I’m sure there are people who think I mean the sort of danger that comes from riding too fast and crashing, or “being hit by a car and injured” type of danger. But what I really mean is that riding motorcycle is dangerous to a marriage!
The type of danger I am talking about is how a marriage can be affected when one person likes to ride, convinces the other less than enthusiastic person to ride, and then bad things happen.
When friends hear my husband has a motorcycle, they ask if I like to ride. My answer is always the same – he loves his bike, and I love him, so sometimes I ride. My idea of a nice time with him on the bike is a really hot day, a ride for about 30-60 minutes, some lunch at the other end, and a ride back home. This is not the type of ride motorcycle enthusiasts enjoy. They want to go far, and see things – trees, landscape, towns they’ve never been to, other motorcycles – and the more winding roads the better.
After a friend asked today how to get a bee stinger out of her daughter’s hand without making her scream more than she already was, I was reminded of one of the less than stellar days I spent riding with my husband.
It was a beautiful, sunny, warm October day. The kids were at school, and I took the day off work to go riding for an end of the season trip. Even though it was warm for Toronto, I dressed in layers knowing the wind would be cool. We headed out and travelled north. Not a good sign, but I figured I could take a bit of the chilly air since we wouldn’t be out too long before we stopped for a snack or some hot coffee.
I’m sitting on the back, listening to my ipod, taking in the nice view and freezing to death. I keep thinking about how many more minutes I can last before having to ask to stop when all of a sudden I feel a horrible pain on my forehead. I put my hand up to touch it, and my helmet moves backwards a few inches, and it starts to hurt more, and I am starting to panic. It feels like a burning and I can’t figure out if something hit me, but I saw nothing. After a few minutes with the pain getting worse, I gently say “honey, I think we need to stop for a minute because it feels like something hit me in the head”. He pulls off to the side of the road, we get off the bike, he carefully takes my helmet off and a wasp flies out of it. It turns out the wasp stung me, and when I touched my helmet and it lifted, the wasp went inside and kept stinging me.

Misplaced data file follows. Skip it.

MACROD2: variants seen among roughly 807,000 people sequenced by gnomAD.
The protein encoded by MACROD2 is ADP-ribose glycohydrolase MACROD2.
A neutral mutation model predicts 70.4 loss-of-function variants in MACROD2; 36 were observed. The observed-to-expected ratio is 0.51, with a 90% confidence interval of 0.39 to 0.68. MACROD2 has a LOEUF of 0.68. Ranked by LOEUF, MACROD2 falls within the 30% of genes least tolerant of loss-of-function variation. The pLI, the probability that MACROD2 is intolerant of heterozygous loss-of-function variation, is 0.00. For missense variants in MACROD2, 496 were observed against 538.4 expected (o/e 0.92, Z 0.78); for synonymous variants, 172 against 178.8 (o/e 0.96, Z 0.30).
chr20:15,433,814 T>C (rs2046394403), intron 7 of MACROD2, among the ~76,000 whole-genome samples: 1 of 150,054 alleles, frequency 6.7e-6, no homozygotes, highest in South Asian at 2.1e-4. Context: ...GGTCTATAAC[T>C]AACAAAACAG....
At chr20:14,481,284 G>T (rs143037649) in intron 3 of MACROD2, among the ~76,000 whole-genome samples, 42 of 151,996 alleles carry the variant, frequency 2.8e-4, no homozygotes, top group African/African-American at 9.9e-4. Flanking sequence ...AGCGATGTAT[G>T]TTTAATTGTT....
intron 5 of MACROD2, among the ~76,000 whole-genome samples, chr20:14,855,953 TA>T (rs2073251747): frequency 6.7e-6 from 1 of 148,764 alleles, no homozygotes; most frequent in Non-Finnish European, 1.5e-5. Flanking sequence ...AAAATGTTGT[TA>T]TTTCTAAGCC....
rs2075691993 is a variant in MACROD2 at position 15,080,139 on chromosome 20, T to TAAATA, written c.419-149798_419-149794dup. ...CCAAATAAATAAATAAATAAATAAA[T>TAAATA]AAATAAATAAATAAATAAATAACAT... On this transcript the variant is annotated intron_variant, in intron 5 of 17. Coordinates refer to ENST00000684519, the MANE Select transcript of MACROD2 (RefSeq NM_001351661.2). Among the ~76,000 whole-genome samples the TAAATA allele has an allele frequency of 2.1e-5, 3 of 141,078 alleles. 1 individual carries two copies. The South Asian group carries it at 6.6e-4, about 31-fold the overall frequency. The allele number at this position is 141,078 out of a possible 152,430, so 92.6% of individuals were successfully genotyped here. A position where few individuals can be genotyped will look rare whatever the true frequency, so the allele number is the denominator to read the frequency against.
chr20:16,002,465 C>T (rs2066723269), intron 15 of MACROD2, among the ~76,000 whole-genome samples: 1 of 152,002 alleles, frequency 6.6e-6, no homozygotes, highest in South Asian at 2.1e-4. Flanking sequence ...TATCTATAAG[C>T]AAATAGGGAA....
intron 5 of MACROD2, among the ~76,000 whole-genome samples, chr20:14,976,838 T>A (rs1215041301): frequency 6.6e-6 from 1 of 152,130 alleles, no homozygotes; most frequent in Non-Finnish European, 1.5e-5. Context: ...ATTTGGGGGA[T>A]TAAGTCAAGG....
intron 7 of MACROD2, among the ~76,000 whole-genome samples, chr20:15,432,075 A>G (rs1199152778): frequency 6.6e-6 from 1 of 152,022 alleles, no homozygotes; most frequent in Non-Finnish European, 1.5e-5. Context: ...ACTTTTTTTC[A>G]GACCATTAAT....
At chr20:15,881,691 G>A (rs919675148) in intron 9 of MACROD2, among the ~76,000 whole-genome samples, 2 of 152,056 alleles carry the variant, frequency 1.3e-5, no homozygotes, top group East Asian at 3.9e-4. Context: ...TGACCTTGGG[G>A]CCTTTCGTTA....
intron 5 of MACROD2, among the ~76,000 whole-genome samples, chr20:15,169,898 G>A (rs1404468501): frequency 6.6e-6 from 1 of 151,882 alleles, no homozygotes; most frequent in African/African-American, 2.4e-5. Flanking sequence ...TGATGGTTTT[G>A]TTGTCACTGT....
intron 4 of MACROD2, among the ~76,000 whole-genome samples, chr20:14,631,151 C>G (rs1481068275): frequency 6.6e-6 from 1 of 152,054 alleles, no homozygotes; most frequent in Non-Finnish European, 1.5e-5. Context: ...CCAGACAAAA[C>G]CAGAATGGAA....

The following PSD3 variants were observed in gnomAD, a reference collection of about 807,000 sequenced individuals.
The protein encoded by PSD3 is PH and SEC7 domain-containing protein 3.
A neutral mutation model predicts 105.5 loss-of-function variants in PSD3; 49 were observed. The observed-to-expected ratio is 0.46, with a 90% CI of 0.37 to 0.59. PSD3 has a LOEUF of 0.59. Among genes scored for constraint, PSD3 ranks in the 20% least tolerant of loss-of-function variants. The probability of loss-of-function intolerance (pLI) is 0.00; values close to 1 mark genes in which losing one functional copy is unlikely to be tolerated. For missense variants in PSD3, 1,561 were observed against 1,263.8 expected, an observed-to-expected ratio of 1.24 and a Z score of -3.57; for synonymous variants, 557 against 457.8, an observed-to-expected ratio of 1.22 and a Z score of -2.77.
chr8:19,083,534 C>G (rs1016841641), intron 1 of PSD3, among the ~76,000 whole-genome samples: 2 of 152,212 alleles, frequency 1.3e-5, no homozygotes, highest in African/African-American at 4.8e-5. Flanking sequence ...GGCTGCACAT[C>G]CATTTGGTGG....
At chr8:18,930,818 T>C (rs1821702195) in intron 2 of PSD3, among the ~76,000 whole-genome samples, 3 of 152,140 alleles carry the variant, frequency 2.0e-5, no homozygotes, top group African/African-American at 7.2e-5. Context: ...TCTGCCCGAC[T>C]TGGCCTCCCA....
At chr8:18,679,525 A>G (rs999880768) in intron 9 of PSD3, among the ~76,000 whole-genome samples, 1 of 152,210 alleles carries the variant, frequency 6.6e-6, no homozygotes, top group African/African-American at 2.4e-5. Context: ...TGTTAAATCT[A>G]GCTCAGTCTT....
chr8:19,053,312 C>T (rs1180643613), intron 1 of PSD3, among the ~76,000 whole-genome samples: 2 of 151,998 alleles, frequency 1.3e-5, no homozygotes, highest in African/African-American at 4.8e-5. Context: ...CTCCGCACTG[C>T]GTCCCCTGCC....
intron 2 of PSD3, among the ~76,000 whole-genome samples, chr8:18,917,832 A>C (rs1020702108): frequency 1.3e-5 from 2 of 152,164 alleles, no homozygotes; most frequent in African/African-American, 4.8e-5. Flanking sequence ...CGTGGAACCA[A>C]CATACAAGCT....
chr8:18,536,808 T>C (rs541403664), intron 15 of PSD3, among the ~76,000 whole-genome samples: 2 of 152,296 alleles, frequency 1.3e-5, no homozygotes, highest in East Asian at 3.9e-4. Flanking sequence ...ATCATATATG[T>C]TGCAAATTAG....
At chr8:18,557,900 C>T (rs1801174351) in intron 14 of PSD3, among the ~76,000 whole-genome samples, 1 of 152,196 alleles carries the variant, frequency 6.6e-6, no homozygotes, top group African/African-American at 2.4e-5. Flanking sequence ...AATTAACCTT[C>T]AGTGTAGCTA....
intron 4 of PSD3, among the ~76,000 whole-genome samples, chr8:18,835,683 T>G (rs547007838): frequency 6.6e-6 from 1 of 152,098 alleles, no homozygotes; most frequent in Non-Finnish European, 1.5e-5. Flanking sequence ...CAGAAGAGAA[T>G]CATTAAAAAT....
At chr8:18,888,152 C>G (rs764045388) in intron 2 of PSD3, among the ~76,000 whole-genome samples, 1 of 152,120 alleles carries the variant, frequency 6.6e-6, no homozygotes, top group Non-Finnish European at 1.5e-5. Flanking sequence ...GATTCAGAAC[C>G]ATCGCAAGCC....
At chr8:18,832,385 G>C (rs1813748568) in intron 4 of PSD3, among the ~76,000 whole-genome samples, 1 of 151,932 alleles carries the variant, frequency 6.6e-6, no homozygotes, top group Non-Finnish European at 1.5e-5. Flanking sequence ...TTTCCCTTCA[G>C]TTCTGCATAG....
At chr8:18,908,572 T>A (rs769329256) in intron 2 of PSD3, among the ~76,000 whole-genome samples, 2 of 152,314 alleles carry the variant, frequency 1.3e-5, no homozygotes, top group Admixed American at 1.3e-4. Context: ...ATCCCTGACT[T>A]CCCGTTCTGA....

We cut the ride short and went home. At this point, I can’t believe the pain and heat I feel and the headache that came from this stupid little wasp. I was laying on the couch, my husband made me tea and gave me aspirin, and I spent a few hours moaning and vacillating between thinking I was acting like a big baby and feeling worse by the hour.
Several hours later, I noticed I had lumps on my neck and behind my ear. I ended up going to a walk-in clinic and told the doctor about the lumps and the headache. I did NOT tell him about the wasp. And he says to me “that’s odd, is there any chance you were stung in the hairline?”. I confess that yes, I was stung on the opposite side of the head from where I have the lumps but didn’t think it would be related. He told me the sting caused swollen lymph nodes on the opposite side (that’s how your body works) and the swollen lymph nodes were pressing against the nerve that controls the facial muscles on that side of my face. He gave me medicine to address the swelling and then told me that if I had waited until the next day to come in, I probably would have had permanent nerve damage on one side of my face.
I went home and told my husband the news. After he asked if I was going to be okay, he asked if I’d like to go on a ride the next day to make up for having to call the ride short today. Imagine.
…By the way, back to how to remove a stinger that is stuck in the skin, soak the stung area in warm water which opens the pores, then you can see the stinger better and scratch it or pluck it out with tweezers. Just in case you got hung up on the bee sting part of the story.